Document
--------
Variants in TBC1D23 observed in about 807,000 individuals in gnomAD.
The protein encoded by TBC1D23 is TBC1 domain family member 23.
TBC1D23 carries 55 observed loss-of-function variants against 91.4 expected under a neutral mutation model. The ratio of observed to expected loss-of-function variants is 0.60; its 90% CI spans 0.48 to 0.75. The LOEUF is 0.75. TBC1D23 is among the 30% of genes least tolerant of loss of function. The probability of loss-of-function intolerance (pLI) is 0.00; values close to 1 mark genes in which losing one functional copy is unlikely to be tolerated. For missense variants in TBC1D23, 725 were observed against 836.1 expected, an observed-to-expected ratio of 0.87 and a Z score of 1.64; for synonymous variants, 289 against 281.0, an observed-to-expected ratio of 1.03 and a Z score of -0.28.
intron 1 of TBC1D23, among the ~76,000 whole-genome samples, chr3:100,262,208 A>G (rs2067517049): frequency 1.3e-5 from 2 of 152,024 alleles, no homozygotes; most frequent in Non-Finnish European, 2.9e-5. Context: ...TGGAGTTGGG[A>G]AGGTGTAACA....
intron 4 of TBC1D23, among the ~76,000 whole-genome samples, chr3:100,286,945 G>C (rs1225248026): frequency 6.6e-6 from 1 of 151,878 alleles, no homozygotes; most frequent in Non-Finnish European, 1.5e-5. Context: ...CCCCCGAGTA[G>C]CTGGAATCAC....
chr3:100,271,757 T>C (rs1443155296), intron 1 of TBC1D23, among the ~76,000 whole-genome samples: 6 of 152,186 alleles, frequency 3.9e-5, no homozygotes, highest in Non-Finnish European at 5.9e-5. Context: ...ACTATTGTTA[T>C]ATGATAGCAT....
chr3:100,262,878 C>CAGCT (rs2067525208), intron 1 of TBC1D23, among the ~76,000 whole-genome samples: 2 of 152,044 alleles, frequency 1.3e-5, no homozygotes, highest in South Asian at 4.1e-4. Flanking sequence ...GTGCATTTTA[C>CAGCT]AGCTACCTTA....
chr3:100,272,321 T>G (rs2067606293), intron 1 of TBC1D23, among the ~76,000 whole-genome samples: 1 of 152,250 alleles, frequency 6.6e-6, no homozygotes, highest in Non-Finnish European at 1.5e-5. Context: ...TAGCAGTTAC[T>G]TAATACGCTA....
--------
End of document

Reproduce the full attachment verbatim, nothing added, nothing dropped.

Variants in TBC1D23 observed in about 807,000 individuals in gnomAD.
The protein encoded by TBC1D23 is TBC1 domain family member 23.
TBC1D23 carries 55 observed loss-of-function variants against 91.4 expected under a neutral mutation model. The ratio of observed to expected loss-of-function variants is 0.60; its 90% CI spans 0.48 to 0.75. The LOEUF is 0.75. TBC1D23 is among the 30% of genes least tolerant of loss of function. The probability of loss-of-function intolerance (pLI) is 0.00; values close to 1 mark genes in which losing one functional copy is unlikely to be tolerated. For missense variants in TBC1D23, 725 were observed against 836.1 expected, an observed-to-expected ratio of 0.87 and a Z score of 1.64; for synonymous variants, 289 against 281.0, an observed-to-expected ratio of 1.03 and a Z score of -0.28.
intron 1 of TBC1D23, among the ~76,000 whole-genome samples, chr3:100,262,208 A>G (rs2067517049): frequency 1.3e-5 from 2 of 152,024 alleles, no homozygotes; most frequent in Non-Finnish European, 2.9e-5. Context: ...TGGAGTTGGG[A>G]AGGTGTAACA....
intron 4 of TBC1D23, among the ~76,000 whole-genome samples, chr3:100,286,945 G>C (rs1225248026): frequency 6.6e-6 from 1 of 151,878 alleles, no homozygotes; most frequent in Non-Finnish European, 1.5e-5. Context: ...CCCCCGAGTA[G>C]CTGGAATCAC....
chr3:100,271,757 T>C (rs1443155296), intron 1 of TBC1D23, among the ~76,000 whole-genome samples: 6 of 152,186 alleles, frequency 3.9e-5, no homozygotes, highest in Non-Finnish European at 5.9e-5. Context: ...ACTATTGTTA[T>C]ATGATAGCAT....
chr3:100,262,878 C>CAGCT (rs2067525208), intron 1 of TBC1D23, among the ~76,000 whole-genome samples: 2 of 152,044 alleles, frequency 1.3e-5, no homozygotes, highest in South Asian at 4.1e-4. Flanking sequence ...GTGCATTTTA[C>CAGCT]AGCTACCTTA....
chr3:100,272,321 T>G (rs2067606293), intron 1 of TBC1D23, among the ~76,000 whole-genome samples: 1 of 152,250 alleles, frequency 6.6e-6, no homozygotes, highest in Non-Finnish European at 1.5e-5. Context: ...TAGCAGTTAC[T>G]TAATACGCTA....